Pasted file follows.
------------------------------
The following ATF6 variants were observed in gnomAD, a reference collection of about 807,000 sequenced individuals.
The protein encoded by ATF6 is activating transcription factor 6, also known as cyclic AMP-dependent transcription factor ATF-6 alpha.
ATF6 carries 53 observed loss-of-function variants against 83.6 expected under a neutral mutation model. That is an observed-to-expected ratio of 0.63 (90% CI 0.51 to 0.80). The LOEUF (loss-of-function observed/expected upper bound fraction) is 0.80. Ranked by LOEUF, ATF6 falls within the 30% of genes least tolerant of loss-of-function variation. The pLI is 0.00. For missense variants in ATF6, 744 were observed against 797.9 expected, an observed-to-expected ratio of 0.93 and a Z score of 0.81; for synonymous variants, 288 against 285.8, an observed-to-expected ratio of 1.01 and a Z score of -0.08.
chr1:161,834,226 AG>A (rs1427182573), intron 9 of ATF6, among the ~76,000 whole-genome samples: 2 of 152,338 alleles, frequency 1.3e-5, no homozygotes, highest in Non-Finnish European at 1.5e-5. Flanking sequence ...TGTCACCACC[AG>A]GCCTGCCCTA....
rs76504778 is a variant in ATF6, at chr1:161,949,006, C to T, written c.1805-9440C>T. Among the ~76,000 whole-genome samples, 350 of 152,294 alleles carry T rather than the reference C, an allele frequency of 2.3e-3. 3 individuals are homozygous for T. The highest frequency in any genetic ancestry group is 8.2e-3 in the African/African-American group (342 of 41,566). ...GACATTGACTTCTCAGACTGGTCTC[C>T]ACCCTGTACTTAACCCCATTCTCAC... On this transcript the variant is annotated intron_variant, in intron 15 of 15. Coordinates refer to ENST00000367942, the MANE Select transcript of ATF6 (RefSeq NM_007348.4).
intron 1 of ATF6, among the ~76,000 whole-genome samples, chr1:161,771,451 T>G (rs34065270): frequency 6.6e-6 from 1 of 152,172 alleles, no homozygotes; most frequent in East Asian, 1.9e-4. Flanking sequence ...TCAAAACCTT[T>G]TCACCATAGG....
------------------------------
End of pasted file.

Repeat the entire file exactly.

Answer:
The following ATF6 variants were observed in gnomAD, a reference collection of about 807,000 sequenced individuals.
The protein encoded by ATF6 is activating transcription factor 6, also known as cyclic AMP-dependent transcription factor ATF-6 alpha.
ATF6 carries 53 observed loss-of-function variants against 83.6 expected under a neutral mutation model. That is an observed-to-expected ratio of 0.63 (90% CI 0.51 to 0.80). The LOEUF (loss-of-function observed/expected upper bound fraction) is 0.80. Ranked by LOEUF, ATF6 falls within the 30% of genes least tolerant of loss-of-function variation. The pLI is 0.00. For missense variants in ATF6, 744 were observed against 797.9 expected, an observed-to-expected ratio of 0.93 and a Z score of 0.81; for synonymous variants, 288 against 285.8, an observed-to-expected ratio of 1.01 and a Z score of -0.08.
chr1:161,834,226 AG>A (rs1427182573), intron 9 of ATF6, among the ~76,000 whole-genome samples: 2 of 152,338 alleles, frequency 1.3e-5, no homozygotes, highest in Non-Finnish European at 1.5e-5. Flanking sequence ...TGTCACCACC[AG>A]GCCTGCCCTA....
rs76504778 is a variant in ATF6, at chr1:161,949,006, C to T, written c.1805-9440C>T. Among the ~76,000 whole-genome samples, 350 of 152,294 alleles carry T rather than the reference C, an allele frequency of 2.3e-3. 3 individuals are homozygous for T. The highest frequency in any genetic ancestry group is 8.2e-3 in the African/African-American group (342 of 41,566). ...GACATTGACTTCTCAGACTGGTCTC[C>T]ACCCTGTACTTAACCCCATTCTCAC... On this transcript the variant is annotated intron_variant, in intron 15 of 15. Coordinates refer to ENST00000367942, the MANE Select transcript of ATF6 (RefSeq NM_007348.4).
intron 1 of ATF6, among the ~76,000 whole-genome samples, chr1:161,771,451 T>G (rs34065270): frequency 6.6e-6 from 1 of 152,172 alleles, no homozygotes; most frequent in East Asian, 1.9e-4. Flanking sequence ...TCAAAACCTT[T>G]TCACCATAGG....